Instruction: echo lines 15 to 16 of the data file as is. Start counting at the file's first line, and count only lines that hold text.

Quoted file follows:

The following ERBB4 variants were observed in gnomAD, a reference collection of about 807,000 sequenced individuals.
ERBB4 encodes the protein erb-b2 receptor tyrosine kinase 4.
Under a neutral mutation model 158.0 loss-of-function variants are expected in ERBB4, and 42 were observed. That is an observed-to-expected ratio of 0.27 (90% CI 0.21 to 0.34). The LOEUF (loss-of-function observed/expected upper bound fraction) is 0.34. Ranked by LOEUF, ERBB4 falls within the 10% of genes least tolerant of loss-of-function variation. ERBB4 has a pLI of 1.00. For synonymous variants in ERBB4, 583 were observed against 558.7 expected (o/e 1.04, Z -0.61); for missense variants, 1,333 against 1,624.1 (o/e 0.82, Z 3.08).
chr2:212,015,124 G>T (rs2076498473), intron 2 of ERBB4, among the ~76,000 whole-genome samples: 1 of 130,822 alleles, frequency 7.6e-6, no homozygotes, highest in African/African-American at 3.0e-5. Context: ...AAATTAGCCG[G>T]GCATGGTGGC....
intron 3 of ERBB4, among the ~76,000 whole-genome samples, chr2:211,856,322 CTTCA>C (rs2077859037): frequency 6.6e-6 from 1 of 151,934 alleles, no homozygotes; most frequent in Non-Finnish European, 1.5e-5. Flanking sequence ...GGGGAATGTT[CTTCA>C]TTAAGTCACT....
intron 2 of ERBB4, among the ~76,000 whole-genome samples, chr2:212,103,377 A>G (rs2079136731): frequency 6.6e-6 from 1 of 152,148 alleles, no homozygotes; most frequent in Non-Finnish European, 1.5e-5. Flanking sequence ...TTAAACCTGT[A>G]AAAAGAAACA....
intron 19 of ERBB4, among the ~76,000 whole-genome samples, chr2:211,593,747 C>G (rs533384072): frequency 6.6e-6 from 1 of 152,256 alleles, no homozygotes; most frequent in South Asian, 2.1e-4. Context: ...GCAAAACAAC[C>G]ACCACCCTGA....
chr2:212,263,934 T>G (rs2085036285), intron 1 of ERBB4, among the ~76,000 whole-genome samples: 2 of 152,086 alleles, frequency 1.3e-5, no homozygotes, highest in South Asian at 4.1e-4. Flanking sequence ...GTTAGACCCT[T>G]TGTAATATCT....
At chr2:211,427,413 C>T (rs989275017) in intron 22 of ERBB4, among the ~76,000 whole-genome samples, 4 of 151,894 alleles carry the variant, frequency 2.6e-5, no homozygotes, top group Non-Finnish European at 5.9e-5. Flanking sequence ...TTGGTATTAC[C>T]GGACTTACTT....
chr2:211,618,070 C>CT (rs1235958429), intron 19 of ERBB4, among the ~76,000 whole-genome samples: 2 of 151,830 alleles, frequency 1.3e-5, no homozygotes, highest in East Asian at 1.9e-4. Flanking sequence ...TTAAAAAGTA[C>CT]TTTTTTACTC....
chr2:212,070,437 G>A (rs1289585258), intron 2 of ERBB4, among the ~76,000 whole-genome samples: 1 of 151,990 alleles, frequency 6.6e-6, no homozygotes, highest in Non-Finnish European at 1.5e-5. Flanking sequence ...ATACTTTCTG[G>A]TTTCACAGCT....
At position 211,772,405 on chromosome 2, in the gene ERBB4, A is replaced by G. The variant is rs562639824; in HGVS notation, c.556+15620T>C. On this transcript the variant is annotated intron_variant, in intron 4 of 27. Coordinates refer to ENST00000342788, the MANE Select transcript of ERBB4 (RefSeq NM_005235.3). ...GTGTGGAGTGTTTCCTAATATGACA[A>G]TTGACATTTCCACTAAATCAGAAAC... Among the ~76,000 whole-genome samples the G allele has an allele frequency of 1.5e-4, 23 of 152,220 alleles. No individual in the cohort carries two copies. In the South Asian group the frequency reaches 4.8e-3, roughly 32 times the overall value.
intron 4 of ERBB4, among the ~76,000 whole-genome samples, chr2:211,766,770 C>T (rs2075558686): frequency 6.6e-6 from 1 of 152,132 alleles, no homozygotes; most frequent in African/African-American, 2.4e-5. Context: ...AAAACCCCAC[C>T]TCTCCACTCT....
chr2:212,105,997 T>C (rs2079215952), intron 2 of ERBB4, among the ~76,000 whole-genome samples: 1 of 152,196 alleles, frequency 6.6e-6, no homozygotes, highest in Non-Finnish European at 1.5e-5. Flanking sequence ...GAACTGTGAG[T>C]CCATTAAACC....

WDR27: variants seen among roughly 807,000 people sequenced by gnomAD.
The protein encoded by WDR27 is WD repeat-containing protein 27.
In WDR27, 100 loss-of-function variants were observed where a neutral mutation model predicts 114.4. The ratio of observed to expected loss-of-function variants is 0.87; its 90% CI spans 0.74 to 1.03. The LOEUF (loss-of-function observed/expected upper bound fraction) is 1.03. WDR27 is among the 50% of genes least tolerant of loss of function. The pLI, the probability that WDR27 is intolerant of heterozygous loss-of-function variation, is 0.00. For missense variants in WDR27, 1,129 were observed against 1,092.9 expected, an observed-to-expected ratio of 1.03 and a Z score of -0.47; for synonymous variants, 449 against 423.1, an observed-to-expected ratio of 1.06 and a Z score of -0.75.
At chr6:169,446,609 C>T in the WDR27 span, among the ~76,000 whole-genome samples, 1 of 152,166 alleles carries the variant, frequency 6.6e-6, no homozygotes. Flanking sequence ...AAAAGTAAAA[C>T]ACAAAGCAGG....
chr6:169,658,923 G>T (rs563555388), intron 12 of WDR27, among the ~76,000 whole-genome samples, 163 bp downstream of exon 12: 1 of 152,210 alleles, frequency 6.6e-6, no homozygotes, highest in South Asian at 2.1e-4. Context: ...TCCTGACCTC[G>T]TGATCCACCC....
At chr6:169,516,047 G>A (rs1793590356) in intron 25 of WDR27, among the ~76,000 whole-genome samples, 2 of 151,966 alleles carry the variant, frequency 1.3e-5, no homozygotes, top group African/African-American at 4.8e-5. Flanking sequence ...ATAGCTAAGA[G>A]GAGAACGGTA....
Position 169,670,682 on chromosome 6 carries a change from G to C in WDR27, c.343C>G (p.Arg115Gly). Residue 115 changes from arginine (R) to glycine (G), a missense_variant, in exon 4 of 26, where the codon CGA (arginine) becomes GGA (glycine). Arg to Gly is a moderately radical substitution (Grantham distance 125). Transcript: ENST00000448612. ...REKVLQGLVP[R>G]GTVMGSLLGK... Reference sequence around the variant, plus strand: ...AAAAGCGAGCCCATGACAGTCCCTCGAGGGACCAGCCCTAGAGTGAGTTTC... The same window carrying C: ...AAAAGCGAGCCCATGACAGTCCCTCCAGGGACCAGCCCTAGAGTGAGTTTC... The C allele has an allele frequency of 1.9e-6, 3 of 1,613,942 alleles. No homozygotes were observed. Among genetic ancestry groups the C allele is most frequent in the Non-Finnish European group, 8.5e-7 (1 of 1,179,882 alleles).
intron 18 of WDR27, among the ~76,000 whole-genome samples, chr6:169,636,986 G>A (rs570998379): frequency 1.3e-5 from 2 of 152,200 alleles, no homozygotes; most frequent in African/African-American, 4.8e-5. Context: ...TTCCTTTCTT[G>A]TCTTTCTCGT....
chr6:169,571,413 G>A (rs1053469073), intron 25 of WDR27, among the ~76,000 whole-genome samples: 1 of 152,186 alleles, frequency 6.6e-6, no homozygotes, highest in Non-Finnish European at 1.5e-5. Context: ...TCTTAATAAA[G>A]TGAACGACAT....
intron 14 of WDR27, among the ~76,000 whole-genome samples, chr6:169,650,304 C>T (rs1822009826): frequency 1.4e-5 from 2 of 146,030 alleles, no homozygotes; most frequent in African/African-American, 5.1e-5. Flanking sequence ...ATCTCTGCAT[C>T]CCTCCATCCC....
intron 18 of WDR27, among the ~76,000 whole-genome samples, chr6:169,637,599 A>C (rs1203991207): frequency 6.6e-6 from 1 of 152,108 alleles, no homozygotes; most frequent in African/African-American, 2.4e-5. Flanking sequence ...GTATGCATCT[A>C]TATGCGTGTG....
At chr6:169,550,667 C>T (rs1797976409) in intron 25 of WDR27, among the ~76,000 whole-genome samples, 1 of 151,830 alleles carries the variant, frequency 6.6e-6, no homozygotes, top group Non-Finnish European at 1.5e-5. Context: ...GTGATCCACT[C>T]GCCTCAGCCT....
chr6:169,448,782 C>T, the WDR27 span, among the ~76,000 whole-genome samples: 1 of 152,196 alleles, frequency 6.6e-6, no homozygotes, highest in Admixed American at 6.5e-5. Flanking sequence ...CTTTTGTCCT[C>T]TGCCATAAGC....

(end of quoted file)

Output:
WDR27: variants seen among roughly 807,000 people sequenced by gnomAD.
The protein encoded by WDR27 is WD repeat-containing protein 27.